On September 13, Iran’s Guidance Patrol (morality police) arrested 22-year-old Mahsa Amini for “improper attire”—failing to wear a hijab. Amini was transferred to a hospital two hours after her arrest and died there three days later. There are reports that she had been badly beaten by the police, although they claim she died of a heart attack. Amini’s death has sparked massive public outrage, setting off a wave of antigovernment protests across the country. Demonstrators have flooded the streets of cities large and small for more than a week, with young people and women on the frontlines and people of all religious, linguistic, and political stripes joining in. Women have been burning their headscarves and cutting off their hair in public to express their anger. The protest slogans have been radical, targeting Iran’s political system as a whole—for example, “Death to dictator!,” “Clerics should get lost!,” and “We will fight, we will die, we will take back Iran!”
Mass protests have been a defining feature of Iranian politics since the 1979 revolution that gave birth to the Islamic Republic. From the 1990s to 2019, there were five major waves of antigovernment protests. In the first half of the 1990s, protests broke out in the outskirts of big cities, largely over economic and administrative issues. Most of these protesters lived in poor neighborhoods and were demanding public services for their communities. The next two waves—the student protests of 1999 and the Green Wave of 2009—by contrast, were dominated by the educated middle class: The former were confined to university students, especially in Tehran, and the latter to the urban middle class in just a few major cities. The fourth and fifth protest waves erupted in 2017–18 and in 2019 over economic issues. These protests were concentrated in small cities and the peripheries of major urban areas, and their participants were mainly low-income young men between the ages of 19 and 26. Middle-class urbanites in large cities did not join in the 2019 protests, which turned deadly. The middle class, after all, had benefited from the domestic and foreign policies of moderate president Hassan Rouhani (2013–2021), which emphasized constructive engagement with the international community.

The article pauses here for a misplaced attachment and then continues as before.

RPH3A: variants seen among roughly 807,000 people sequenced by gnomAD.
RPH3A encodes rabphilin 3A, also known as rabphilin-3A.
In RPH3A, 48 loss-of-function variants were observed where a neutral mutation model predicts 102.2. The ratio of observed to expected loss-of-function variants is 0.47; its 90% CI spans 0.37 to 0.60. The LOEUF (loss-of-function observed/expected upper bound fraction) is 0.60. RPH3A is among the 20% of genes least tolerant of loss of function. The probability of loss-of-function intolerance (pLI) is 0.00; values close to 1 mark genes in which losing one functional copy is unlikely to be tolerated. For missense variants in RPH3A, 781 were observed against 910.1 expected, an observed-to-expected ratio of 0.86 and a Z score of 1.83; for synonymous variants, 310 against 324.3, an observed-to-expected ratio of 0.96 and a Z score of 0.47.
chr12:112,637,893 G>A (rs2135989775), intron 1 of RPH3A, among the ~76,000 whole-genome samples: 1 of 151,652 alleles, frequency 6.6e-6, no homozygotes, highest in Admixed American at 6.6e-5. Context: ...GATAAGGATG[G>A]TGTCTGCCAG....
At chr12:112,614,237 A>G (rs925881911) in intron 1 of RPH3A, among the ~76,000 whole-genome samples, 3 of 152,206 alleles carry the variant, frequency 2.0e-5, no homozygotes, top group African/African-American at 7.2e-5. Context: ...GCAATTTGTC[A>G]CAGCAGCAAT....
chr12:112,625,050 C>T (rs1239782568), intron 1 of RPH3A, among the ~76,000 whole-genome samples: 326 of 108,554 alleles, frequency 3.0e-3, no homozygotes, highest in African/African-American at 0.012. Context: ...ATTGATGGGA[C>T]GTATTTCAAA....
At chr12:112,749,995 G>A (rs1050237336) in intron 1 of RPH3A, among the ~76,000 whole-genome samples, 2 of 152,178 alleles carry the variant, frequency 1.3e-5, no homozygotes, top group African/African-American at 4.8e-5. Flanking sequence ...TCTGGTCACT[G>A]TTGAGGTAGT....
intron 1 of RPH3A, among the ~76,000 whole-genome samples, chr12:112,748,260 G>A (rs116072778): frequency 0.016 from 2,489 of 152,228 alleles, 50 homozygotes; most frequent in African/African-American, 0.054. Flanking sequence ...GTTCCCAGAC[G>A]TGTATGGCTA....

One of the important differences between the protests happening now and those of 2019 is the greater participation of the middle class. Students, university professors, professionals, actors, and numerous public figures have joined in and supported the protests. This is significant because the middle class has historically been the main engine of political change in modern Iranian history. It played a central role in the 1906 Constitutional Revolution, the 1951 Oil Nationalization Movement, the 1979 Revolution, the 2009 Green Uprising, and the 2013 election of Rouhani.
Not surprisingly, the government has resorted to force to quell the ongoing protests, although security forces have shown more restraint than they did in 2019, when they killed at least 321 citizens in five days. Besides repression, government officials and progovernment media have resorted to all kinds of tactics from an old playbook to discredit the protesters—notably, associating them with foreign countries and opposition figures in the diaspora. But the morality police’s outrageous behavior and the spontaneous nature of the protests have rendered those old-fashioned tactics more ineffective than ever.